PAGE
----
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The largest angle in a triangle:

  1. Apr 17, 2008 #1
    I have a triangle, with sides 8.5, 6.8, and 9.4, what is the largest angle?

    I think that it will always be the angle opposite the longest side, and used the cosine rule from there, along with trig identies to find the largest possible angle (<180).

    Is this a correct method?
  2. jcsd
  3. Apr 17, 2008 #2
    Just use the law of cosines to find each angle. Then you will be able to say which one is the biggest.
  4. Apr 17, 2008 #3
    You' re absolutely wrong! You can have a big side with a small angle as its opposite.
    I think you'll have to calculate, no general way to do it. :)
  5. Apr 17, 2008 #4
    Stick by the cosine rules and you'll be fine.
  6. Apr 17, 2008 #5


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    Yes, in a given triangle the longest side is always opposite the largest angle. Just use the cosine rule for that side.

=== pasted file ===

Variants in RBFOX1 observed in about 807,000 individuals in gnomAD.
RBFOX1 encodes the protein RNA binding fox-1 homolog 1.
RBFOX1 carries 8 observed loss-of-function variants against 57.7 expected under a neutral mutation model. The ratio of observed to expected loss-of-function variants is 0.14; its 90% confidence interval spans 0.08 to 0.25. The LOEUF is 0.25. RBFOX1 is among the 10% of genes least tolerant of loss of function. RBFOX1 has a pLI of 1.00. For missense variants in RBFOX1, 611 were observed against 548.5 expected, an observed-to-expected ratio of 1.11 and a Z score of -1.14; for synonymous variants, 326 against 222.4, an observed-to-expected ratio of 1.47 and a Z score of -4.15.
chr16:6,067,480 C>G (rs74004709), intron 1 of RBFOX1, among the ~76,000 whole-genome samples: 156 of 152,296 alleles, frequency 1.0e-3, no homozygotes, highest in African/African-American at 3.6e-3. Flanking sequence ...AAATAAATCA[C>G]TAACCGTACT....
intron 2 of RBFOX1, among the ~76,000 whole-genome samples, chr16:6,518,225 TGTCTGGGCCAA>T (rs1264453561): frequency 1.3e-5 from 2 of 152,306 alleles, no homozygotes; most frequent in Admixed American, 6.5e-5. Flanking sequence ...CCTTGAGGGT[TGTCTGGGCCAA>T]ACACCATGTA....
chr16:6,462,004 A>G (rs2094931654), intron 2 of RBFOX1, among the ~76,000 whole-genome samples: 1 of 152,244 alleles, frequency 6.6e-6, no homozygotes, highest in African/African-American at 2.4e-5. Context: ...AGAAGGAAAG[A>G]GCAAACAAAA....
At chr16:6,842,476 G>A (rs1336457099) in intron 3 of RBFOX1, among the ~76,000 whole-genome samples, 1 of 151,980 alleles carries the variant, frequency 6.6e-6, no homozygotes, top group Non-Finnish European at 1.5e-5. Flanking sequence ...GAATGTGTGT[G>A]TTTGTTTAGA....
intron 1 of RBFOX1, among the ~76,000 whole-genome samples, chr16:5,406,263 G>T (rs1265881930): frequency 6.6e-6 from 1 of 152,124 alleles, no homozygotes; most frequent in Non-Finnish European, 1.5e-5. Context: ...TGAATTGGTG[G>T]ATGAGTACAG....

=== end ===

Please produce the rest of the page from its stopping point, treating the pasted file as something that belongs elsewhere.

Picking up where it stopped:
Sorry, but you are the one who is "absolutely wrong". You might be thinking that if the triangle is very large then a side opposite a small angle can be "big"- but in that case the other sides will be even larger.
  7. Apr 17, 2008 #6
    The largest side is always opposite the largest angle. consider a triangle with angles
    A,B and C and the side a opposite to the angle A etc.

    For acute triangles you can get this from the law of sines: [tex]\frac{a}{sinA} = \frac{b}{sinB} [/tex], so if a>b then a/b>1 and so [tex]\frac{sinA}{sinB} > 1[/tex] therefore sin(A) > sin(B). since sin is increasing from 0 to 90 degrees this implies A>B

    For obtuse triangles there can be only one obtuse angle, wich must be the largest. call this A. cos(A) < 0 sothe cosine rule tells us that a^2 > b^2 + c^2 and therefore a>b and a>c so the largest angle is also to the opposite of the largest side.

    P.S. Is there a way to get tex fractions lined up with the line of text they are in?
  8. Apr 19, 2008 #7
    Hehehe sorry, you're right. Didn't give it enough thinking. I was the one absolutely wrong. Sorry!!!
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